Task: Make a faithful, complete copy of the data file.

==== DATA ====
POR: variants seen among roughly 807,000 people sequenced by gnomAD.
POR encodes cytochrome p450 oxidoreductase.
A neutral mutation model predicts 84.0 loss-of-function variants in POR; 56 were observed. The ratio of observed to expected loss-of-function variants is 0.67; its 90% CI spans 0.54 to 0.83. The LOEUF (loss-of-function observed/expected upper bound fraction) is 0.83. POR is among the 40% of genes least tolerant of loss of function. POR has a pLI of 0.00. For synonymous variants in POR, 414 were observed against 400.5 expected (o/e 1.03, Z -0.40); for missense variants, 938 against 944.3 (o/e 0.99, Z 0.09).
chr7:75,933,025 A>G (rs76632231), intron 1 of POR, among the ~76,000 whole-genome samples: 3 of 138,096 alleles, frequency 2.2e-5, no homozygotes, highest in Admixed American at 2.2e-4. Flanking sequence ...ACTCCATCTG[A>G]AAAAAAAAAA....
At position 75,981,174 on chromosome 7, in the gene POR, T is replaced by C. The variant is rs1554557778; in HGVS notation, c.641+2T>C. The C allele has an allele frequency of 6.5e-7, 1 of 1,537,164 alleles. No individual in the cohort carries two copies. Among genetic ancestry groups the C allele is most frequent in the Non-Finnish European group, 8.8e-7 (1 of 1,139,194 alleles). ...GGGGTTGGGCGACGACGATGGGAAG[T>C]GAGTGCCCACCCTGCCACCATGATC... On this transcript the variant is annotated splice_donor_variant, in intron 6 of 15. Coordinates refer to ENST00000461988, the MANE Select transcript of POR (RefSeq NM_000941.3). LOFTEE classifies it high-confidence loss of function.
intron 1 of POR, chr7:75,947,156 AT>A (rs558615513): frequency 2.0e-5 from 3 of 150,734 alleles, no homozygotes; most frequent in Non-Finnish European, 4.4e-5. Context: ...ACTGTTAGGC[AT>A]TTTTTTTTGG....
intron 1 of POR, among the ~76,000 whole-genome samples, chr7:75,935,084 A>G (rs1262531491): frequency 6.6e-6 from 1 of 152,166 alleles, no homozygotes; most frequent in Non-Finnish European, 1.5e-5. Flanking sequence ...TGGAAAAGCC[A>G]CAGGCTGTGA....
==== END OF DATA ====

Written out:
POR: variants seen among roughly 807,000 people sequenced by gnomAD.
POR encodes cytochrome p450 oxidoreductase.
A neutral mutation model predicts 84.0 loss-of-function variants in POR; 56 were observed. The ratio of observed to expected loss-of-function variants is 0.67; its 90% CI spans 0.54 to 0.83. The LOEUF (loss-of-function observed/expected upper bound fraction) is 0.83. POR is among the 40% of genes least tolerant of loss of function. POR has a pLI of 0.00. For synonymous variants in POR, 414 were observed against 400.5 expected (o/e 1.03, Z -0.40); for missense variants, 938 against 944.3 (o/e 0.99, Z 0.09).
chr7:75,933,025 A>G (rs76632231), intron 1 of POR, among the ~76,000 whole-genome samples: 3 of 138,096 alleles, frequency 2.2e-5, no homozygotes, highest in Admixed American at 2.2e-4. Flanking sequence ...ACTCCATCTG[A>G]AAAAAAAAAA....
At position 75,981,174 on chromosome 7, in the gene POR, T is replaced by C. The variant is rs1554557778; in HGVS notation, c.641+2T>C. The C allele has an allele frequency of 6.5e-7, 1 of 1,537,164 alleles. No individual in the cohort carries two copies. Among genetic ancestry groups the C allele is most frequent in the Non-Finnish European group, 8.8e-7 (1 of 1,139,194 alleles). ...GGGGTTGGGCGACGACGATGGGAAG[T>C]GAGTGCCCACCCTGCCACCATGATC... On this transcript the variant is annotated splice_donor_variant, in intron 6 of 15. Coordinates refer to ENST00000461988, the MANE Select transcript of POR (RefSeq NM_000941.3). LOFTEE classifies it high-confidence loss of function.
intron 1 of POR, chr7:75,947,156 AT>A (rs558615513): frequency 2.0e-5 from 3 of 150,734 alleles, no homozygotes; most frequent in Non-Finnish European, 4.4e-5. Context: ...ACTGTTAGGC[AT>A]TTTTTTTTGG....
intron 1 of POR, among the ~76,000 whole-genome samples, chr7:75,935,084 A>G (rs1262531491): frequency 6.6e-6 from 1 of 152,166 alleles, no homozygotes; most frequent in Non-Finnish European, 1.5e-5. Flanking sequence ...TGGAAAAGCC[A>G]CAGGCTGTGA....